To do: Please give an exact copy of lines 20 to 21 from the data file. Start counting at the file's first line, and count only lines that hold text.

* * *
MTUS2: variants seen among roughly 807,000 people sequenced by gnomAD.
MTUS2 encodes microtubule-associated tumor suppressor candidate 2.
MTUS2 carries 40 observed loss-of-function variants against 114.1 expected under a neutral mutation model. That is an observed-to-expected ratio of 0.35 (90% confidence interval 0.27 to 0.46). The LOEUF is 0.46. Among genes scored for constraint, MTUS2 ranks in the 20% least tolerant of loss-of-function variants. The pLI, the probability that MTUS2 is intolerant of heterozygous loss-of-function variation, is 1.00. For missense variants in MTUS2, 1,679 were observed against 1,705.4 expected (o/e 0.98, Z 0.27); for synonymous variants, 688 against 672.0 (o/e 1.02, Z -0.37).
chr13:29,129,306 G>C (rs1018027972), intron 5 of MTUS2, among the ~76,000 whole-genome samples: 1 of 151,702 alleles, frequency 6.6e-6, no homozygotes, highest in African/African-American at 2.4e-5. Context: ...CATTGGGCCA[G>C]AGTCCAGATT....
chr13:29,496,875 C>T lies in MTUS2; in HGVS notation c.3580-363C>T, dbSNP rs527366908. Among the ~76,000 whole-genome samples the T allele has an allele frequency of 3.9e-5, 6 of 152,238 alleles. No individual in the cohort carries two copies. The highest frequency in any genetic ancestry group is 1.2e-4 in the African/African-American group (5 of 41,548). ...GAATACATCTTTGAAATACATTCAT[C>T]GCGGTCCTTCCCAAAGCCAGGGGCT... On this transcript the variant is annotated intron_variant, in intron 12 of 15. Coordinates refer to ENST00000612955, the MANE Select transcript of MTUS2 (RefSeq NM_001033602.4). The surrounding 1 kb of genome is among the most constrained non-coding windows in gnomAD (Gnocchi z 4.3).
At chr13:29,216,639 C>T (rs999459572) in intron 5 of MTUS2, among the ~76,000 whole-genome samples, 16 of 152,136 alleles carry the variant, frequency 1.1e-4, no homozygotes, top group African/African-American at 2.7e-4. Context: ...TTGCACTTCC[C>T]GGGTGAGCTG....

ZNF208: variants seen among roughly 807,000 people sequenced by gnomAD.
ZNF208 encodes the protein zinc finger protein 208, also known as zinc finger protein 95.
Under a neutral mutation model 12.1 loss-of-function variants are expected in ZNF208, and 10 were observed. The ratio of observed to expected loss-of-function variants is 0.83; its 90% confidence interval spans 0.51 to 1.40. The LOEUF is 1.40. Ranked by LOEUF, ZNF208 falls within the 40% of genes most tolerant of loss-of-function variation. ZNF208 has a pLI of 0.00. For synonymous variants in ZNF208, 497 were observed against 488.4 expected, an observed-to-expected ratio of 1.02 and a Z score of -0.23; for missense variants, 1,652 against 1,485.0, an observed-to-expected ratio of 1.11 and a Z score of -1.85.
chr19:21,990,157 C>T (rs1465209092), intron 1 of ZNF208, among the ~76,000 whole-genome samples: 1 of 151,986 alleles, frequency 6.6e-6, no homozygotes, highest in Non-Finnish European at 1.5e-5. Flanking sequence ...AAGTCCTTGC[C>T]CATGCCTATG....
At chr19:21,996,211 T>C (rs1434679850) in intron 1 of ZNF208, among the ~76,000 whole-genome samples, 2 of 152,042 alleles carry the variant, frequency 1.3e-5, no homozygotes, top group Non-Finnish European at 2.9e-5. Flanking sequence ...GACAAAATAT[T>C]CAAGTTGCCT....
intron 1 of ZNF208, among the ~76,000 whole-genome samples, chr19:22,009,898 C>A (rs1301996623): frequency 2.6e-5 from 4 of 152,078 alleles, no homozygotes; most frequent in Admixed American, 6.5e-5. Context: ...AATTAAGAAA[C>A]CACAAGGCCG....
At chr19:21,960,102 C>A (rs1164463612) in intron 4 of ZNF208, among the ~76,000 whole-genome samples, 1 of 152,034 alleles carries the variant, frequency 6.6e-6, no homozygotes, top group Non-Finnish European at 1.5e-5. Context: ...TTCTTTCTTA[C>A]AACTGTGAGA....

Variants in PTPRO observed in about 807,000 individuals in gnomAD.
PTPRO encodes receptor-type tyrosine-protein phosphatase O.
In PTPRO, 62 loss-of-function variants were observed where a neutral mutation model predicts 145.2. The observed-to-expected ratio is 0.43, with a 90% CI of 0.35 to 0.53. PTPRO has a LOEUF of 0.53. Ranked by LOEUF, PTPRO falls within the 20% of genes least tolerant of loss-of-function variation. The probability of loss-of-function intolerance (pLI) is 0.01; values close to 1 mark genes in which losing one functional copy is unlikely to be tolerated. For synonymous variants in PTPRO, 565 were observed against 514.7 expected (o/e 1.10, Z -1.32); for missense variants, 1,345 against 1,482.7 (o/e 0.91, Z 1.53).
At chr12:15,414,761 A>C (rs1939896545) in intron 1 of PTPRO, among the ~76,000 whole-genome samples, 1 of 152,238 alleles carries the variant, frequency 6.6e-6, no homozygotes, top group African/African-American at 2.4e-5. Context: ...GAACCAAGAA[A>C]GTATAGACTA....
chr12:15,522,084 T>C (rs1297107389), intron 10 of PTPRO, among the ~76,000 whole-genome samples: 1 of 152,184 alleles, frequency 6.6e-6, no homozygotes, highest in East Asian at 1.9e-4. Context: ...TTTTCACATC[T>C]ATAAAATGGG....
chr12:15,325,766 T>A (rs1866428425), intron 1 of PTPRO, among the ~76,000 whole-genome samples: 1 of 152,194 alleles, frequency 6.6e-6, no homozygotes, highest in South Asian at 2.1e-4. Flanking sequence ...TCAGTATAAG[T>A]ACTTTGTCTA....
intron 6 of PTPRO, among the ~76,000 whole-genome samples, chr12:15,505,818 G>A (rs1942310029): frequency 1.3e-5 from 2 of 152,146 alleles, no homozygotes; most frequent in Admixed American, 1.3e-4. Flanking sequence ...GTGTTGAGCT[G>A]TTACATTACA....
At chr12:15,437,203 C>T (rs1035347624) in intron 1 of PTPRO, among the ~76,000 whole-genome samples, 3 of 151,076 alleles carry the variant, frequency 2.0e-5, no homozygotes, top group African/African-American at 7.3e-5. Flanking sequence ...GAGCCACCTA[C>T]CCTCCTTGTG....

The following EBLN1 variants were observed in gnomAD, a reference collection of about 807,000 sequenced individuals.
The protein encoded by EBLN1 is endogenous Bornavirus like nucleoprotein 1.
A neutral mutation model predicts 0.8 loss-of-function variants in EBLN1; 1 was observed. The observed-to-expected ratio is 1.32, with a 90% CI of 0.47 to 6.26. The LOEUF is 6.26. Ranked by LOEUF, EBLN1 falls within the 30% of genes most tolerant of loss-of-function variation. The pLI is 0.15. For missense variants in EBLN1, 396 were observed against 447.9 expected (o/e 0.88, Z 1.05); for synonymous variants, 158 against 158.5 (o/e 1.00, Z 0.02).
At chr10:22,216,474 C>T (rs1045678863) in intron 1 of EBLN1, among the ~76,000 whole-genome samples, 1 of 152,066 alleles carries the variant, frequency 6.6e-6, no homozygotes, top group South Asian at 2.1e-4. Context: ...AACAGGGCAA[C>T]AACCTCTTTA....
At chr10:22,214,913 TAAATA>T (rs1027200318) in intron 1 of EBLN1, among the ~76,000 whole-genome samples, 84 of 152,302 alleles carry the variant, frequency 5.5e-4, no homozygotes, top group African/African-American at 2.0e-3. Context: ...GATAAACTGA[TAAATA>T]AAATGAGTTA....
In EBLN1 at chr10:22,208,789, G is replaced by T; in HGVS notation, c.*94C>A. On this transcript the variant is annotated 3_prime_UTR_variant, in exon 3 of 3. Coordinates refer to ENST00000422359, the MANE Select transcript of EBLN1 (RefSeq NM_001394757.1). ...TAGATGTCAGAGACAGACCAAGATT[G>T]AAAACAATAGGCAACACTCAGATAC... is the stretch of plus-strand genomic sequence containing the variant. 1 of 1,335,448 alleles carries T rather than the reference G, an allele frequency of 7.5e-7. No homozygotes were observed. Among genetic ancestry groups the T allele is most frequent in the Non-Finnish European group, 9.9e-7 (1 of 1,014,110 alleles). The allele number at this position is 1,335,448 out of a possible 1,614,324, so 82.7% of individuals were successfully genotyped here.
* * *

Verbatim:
intron 6 of PTPRO, among the ~76,000 whole-genome samples, chr12:15,505,818 G>A (rs1942310029): frequency 1.3e-5 from 2 of 152,146 alleles, no homozygotes; most frequent in Admixed American, 1.3e-4. Flanking sequence ...GTGTTGAGCT[G>A]TTACATTACA....
At chr12:15,437,203 C>T (rs1035347624) in intron 1 of PTPRO, among the ~76,000 whole-genome samples, 3 of 151,076 alleles carry the variant, frequency 2.0e-5, no homozygotes, top group African/African-American at 7.3e-5. Flanking sequence ...GAGCCACCTA[C>T]CCTCCTTGTG....